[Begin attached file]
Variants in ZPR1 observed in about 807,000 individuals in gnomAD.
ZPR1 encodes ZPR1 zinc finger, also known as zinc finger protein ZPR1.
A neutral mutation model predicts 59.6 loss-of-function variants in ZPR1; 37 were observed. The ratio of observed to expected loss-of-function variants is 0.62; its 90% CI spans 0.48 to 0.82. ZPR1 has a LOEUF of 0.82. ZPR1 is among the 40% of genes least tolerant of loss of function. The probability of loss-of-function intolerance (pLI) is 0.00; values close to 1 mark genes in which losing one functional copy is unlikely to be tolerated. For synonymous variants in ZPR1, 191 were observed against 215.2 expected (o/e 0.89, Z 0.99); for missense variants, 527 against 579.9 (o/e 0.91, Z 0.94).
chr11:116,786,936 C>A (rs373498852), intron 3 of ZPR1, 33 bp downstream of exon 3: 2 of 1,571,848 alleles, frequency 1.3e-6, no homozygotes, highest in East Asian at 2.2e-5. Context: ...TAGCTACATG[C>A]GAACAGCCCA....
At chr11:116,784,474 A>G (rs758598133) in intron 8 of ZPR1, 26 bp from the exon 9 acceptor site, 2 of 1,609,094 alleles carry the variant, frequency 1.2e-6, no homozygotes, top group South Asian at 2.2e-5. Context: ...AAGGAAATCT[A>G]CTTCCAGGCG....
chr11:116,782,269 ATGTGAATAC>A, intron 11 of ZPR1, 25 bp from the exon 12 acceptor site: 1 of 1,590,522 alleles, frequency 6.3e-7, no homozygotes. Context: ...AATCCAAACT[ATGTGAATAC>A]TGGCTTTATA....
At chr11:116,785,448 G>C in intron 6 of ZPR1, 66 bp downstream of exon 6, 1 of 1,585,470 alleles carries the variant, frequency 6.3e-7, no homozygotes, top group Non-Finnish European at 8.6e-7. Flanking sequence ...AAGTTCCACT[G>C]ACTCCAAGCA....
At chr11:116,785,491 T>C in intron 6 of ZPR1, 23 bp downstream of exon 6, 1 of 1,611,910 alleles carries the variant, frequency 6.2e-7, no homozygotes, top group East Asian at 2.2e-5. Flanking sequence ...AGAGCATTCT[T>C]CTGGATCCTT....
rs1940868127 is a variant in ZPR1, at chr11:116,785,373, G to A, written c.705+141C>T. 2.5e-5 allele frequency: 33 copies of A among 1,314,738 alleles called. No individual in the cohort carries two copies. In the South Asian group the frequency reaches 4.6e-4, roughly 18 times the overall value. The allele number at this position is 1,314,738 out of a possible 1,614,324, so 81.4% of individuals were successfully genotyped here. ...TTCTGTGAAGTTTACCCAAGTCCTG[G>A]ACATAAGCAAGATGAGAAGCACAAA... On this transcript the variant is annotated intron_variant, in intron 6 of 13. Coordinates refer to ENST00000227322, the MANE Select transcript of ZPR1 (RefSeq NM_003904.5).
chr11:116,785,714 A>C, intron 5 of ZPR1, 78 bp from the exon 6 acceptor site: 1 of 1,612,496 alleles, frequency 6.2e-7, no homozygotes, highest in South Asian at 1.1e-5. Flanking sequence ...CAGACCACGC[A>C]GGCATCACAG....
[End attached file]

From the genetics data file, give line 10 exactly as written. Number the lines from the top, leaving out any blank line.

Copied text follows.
chr11:116,785,714 A>C, intron 5 of ZPR1, 78 bp from the exon 6 acceptor site: 1 of 1,612,496 alleles, frequency 6.2e-7, no homozygotes, highest in South Asian at 1.1e-5. Flanking sequence ...CAGACCACGC[A>C]GGCATCACAG....